Age is another issue related to the indications and surgical risks of this procedure. In this study, 5 of the 6 patients over 65 years of age died (2 cardiac and 3 non-cardiac deaths). Elderly patients may have more calcified lesions in the LMCA. Additionally, they often tend to have coexisting valvular disease, peripheral coronary artery disease, and comorbidities. Dion and colleagues gradually broadened their indications to include more distal stenosis, visible calcifications on CAG, advanced age, and decreased left ventricle (LV) function [8]. However, they concluded that SA-LMCA should be carefully attempted in patients with LMCA calcification or patients over 60 years of age. Most surgeons, including the authors of this study, agree with the opinions expressed by Dion regarding these indications.

The onlay patch material is the most important issue regarding the prevention of acute thrombosis and late restenosis of the LMCA. The saphenous vein and autologous pericardium have been commonly used for SA- LMCA [9]. The saphenous vein is well matched in size and preserves the fibrinolytic properties of the endothelium. However, its elasticity may cause a tendency to dilate. Dion and colleagues suggested that the saphenous vein might be preferable to autologous pericardium due to its potential fibrinolytic activity [4]. Martinovic and colleagues used a saphenous vein as the patch material in 27 patients and reported one aneurysmal dilatation [10]. In the present study, we used bovine pericardium in the majority of our patients (17/24) because of easy handling. We believe it would be more difficult to tailor and sew a saphenous vein or internal thoracic artery patch to the LMCA compared with a pericardial patch because of thinness and weakness. Currently, both the saphenous vein and bovine pericardium have been widely used in carotid endarterectomy (CEA) with patch angioplasty. Several studies have documented the safety, efficacy and durability of bovine pericardium as a CEA patch. In a previous study that analyzed 456 CEA cases over a 10-year period, both the carotid clamping time and total operation time were shorter in the bovine pericardial patch group compared with the saphenous vein patch group because of the easy handling and suturing. The study also revealed a similar incidence of restenosis between the two patch materials (2.8% for bovine pericardium versus 3.4% for saphenous vein) and identified 4 patients who developed late aneurysmal dilatation in saphenous vein patches compared with no cases involving bovine pericardial patches [11]. Another study also reported a low incidence of restenosis (1.6%, 4/256) over 12 years in patients who underwent CEA with bovine pericardial patch angioplasty [12]. Bovine pericardium also provides the benefit of off-the-shelf availability and, has a reliable consistency and strength to allow a tight fitting closure, which yields less suture line bleeding and prevents aneurysmal dilatation [13]. However, bovine pericardium also has disadvantage of incurring calcification, degeneration and restenosis.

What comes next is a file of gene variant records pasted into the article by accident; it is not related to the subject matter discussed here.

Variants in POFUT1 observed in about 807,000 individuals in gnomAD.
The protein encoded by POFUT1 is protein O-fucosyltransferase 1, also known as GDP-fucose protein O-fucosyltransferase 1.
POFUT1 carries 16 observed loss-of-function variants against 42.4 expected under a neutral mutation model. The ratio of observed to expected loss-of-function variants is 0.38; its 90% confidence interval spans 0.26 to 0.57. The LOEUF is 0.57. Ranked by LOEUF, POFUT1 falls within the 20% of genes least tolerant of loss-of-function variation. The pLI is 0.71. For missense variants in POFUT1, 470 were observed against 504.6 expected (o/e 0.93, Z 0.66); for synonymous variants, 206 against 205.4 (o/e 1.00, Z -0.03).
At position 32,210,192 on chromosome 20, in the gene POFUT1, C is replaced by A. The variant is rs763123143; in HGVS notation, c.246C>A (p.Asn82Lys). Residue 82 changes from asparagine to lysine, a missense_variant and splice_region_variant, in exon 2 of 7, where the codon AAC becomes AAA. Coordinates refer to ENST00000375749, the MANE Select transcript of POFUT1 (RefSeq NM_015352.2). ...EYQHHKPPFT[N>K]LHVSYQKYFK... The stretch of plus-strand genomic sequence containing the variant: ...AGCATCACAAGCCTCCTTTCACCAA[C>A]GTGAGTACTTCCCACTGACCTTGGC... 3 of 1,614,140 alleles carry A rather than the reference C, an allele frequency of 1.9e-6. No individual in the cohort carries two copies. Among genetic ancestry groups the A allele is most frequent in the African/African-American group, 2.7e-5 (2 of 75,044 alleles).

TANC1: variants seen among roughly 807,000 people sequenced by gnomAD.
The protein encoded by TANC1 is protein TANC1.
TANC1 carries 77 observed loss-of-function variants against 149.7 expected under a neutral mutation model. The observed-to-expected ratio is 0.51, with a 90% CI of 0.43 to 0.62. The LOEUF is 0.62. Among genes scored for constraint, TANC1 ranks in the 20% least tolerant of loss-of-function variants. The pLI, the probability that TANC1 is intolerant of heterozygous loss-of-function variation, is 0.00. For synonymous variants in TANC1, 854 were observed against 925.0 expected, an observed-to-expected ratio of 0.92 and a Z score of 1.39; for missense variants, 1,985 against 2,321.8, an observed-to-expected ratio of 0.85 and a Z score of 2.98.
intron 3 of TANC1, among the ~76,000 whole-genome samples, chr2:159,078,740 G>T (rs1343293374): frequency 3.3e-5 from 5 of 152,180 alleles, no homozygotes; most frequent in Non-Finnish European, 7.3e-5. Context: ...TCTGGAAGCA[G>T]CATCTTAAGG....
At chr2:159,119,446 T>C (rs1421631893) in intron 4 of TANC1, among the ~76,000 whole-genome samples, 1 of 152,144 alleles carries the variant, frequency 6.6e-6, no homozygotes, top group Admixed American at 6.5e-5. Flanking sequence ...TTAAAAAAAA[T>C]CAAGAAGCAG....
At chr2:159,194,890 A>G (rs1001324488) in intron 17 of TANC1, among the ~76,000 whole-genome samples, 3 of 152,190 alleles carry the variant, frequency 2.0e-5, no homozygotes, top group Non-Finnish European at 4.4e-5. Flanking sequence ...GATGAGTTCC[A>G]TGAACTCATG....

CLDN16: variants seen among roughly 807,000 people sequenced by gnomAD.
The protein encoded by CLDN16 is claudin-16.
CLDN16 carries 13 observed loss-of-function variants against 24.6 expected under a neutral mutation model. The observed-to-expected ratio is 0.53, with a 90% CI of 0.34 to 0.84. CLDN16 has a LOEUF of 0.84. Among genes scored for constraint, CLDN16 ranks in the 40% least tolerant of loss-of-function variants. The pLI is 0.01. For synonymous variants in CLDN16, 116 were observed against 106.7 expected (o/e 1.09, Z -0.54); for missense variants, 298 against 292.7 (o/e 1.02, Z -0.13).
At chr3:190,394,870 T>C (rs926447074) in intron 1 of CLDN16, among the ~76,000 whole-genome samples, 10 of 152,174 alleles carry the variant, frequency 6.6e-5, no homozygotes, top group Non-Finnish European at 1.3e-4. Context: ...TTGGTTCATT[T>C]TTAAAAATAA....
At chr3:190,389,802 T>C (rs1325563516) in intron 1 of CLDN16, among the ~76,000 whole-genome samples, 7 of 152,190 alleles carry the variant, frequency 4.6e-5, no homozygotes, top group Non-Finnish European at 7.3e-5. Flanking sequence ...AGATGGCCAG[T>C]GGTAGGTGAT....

In this series, we observed no acute or early thrombosis after SA-LMCA using a pericardial patch, despite the absence of specific anticoagulation therapy except for aspirin. However, the late failure of a pericardial patch caused 8 target lesion related MACE (5 in the bovine pericardial patch group and 3 the autologous pericardial patch group). Both pericardial patches exhibited similar MACE rates (bovine pericardium, 5/16 [31.3%]; autologous pericardium, 3/7 [42.9%]), although these numbers were too small to evaluate for the presence of statistically significant differences. Nevertheless, 4 patients in the bovine pericardial group died eventually at 41, 60, 96, and 132 postoperative months, while 3 patients in the autologous pericardial group survived a catastrophe. Notwithstanding the higher number of fatal consequences in the bovine pericardial group, we did not implement repeat CAG for the patients who suffered sudden cardiac death. Unfortunately, we have no information about the conditions of the LMCA with regard to mortalities. As restenosis is frequently asymptomatic, several authors recommend frequent imaging studies including surveillance CAG to avoid catastrophic consequences for patients undergoing SA-LMCA, regardless of whether they have cardiac symptoms [14]. It is currently unclear whether restenosis is directly related to the patch material, surgical techniques, or LMCA stenosis disease process per se. More data are necessary to establish standard guidelines regarding patch materials because of the small number of reported cases and short follow-up periods studied. In addition to commonly used patches, Liska and colleagues proposed using a proximal segment of the internal thoracic artery, and Malyshev et al. introduced the pulmonary autograft patch. Both studies reported excellent early results. The proximal right internal thoracic artery is sizable, pliable, and sufficiently robust to reconstruct the LMCA, in contrast with the distal segment. The pulmonary artery shares a common embryological origin with the aorta and has similar endothelial properties [15,16]. Internal thoracic artery and pulmonary autograft patches may be ideal patch materials and are preferable to the saphenous vein and pericardium, provided that they exhibit excellent long-term outcomes.